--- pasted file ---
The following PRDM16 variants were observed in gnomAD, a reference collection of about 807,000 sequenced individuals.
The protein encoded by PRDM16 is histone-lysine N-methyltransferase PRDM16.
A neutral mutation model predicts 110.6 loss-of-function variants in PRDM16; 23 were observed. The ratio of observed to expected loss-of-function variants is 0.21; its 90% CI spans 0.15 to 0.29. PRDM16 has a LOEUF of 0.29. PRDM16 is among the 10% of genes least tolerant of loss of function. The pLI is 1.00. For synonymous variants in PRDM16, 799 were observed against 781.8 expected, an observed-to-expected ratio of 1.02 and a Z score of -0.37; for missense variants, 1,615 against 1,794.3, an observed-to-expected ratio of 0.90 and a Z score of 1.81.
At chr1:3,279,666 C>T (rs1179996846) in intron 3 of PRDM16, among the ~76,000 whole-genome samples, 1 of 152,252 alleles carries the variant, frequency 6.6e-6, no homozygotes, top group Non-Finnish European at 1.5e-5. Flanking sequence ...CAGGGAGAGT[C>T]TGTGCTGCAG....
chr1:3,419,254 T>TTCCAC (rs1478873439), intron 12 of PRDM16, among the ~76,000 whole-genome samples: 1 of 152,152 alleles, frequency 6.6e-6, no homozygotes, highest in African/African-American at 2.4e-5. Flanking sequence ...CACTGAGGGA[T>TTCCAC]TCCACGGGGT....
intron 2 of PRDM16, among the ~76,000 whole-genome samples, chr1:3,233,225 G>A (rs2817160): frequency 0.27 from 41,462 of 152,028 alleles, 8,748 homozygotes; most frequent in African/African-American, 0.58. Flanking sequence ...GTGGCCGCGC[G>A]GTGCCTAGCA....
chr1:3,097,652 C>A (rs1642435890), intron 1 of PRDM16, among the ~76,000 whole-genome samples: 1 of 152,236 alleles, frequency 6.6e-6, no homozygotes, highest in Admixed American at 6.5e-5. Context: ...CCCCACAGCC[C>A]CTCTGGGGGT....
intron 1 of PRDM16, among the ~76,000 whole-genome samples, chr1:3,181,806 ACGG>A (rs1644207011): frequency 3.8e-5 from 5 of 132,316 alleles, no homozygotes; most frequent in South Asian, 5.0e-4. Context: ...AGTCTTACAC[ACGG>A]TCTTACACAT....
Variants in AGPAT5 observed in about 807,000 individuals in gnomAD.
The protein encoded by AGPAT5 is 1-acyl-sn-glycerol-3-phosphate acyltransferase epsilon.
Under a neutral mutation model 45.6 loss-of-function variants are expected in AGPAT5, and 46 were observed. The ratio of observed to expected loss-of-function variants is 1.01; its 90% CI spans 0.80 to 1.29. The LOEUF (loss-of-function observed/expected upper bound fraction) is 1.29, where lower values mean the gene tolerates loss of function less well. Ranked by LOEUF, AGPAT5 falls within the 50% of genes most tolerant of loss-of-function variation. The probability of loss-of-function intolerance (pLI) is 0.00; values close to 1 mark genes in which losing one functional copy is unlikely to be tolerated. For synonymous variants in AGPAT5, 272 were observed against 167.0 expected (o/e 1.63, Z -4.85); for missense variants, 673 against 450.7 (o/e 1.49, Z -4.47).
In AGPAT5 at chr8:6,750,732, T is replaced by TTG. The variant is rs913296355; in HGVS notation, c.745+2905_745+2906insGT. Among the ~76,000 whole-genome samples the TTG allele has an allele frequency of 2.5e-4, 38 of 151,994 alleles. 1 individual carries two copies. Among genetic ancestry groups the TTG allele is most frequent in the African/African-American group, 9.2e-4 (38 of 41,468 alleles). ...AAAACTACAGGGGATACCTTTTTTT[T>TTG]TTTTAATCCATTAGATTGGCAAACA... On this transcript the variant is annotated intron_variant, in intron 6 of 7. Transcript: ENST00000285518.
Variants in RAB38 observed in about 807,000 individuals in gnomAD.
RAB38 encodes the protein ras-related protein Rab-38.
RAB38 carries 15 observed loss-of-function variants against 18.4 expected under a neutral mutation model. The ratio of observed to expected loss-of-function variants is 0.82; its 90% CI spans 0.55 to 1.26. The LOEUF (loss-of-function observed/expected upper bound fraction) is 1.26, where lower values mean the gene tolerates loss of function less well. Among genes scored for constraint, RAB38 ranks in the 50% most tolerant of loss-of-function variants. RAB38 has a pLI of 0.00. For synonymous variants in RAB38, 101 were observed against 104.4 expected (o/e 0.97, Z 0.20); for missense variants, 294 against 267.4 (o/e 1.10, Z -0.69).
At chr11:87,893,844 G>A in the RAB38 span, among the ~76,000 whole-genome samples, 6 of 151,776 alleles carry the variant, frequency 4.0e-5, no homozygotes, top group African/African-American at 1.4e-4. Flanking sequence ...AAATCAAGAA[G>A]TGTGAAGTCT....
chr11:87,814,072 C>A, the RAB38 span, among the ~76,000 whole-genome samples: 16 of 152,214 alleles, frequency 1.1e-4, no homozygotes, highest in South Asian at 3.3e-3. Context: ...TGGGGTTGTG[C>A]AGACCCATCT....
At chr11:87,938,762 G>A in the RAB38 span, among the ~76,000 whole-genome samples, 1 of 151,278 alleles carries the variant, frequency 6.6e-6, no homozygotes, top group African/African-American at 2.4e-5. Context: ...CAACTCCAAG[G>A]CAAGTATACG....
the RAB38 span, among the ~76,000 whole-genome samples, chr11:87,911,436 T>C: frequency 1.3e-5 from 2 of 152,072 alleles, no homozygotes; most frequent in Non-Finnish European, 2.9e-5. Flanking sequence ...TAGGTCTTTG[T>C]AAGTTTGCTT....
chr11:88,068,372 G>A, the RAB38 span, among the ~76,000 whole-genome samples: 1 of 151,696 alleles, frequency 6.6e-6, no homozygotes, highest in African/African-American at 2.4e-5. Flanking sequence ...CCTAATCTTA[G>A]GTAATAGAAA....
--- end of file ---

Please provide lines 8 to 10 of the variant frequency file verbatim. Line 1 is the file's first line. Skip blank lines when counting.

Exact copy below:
intron 1 of PRDM16, among the ~76,000 whole-genome samples, chr1:3,181,806 ACGG>A (rs1644207011): frequency 3.8e-5 from 5 of 132,316 alleles, no homozygotes; most frequent in South Asian, 5.0e-4. Context: ...AGTCTTACAC[ACGG>A]TCTTACACAT....
Variants in AGPAT5 observed in about 807,000 individuals in gnomAD.
The protein encoded by AGPAT5 is 1-acyl-sn-glycerol-3-phosphate acyltransferase epsilon.